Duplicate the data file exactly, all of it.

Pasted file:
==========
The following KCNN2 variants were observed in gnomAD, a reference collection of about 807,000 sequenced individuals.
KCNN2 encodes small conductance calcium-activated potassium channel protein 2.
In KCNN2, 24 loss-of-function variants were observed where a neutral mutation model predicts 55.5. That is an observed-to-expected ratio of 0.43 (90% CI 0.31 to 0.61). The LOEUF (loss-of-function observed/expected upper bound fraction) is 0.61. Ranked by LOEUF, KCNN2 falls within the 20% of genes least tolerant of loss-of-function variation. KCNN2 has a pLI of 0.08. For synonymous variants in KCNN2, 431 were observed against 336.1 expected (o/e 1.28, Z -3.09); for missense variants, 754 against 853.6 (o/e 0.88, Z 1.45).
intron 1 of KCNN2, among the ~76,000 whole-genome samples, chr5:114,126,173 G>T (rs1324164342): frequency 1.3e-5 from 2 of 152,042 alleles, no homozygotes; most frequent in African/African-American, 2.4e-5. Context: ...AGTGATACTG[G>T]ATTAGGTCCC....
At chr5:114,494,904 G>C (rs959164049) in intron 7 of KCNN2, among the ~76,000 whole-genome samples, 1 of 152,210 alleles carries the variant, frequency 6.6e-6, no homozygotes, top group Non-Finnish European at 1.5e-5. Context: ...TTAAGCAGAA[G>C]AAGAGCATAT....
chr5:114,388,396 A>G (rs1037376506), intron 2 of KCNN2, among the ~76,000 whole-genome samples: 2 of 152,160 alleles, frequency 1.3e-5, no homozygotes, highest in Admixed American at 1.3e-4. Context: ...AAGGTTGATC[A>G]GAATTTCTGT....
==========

The following KCNN2 variants were observed in gnomAD, a reference collection of about 807,000 sequenced individuals.
KCNN2 encodes small conductance calcium-activated potassium channel protein 2.
In KCNN2, 24 loss-of-function variants were observed where a neutral mutation model predicts 55.5. That is an observed-to-expected ratio of 0.43 (90% CI 0.31 to 0.61). The LOEUF (loss-of-function observed/expected upper bound fraction) is 0.61. Ranked by LOEUF, KCNN2 falls within the 20% of genes least tolerant of loss-of-function variation. KCNN2 has a pLI of 0.08. For synonymous variants in KCNN2, 431 were observed against 336.1 expected (o/e 1.28, Z -3.09); for missense variants, 754 against 853.6 (o/e 0.88, Z 1.45).
intron 1 of KCNN2, among the ~76,000 whole-genome samples, chr5:114,126,173 G>T (rs1324164342): frequency 1.3e-5 from 2 of 152,042 alleles, no homozygotes; most frequent in African/African-American, 2.4e-5. Context: ...AGTGATACTG[G>T]ATTAGGTCCC....
At chr5:114,494,904 G>C (rs959164049) in intron 7 of KCNN2, among the ~76,000 whole-genome samples, 1 of 152,210 alleles carries the variant, frequency 6.6e-6, no homozygotes, top group Non-Finnish European at 1.5e-5. Context: ...TTAAGCAGAA[G>C]AAGAGCATAT....
chr5:114,388,396 A>G (rs1037376506), intron 2 of KCNN2, among the ~76,000 whole-genome samples: 2 of 152,160 alleles, frequency 1.3e-5, no homozygotes, highest in Admixed American at 1.3e-4. Context: ...AAGGTTGATC[A>G]GAATTTCTGT....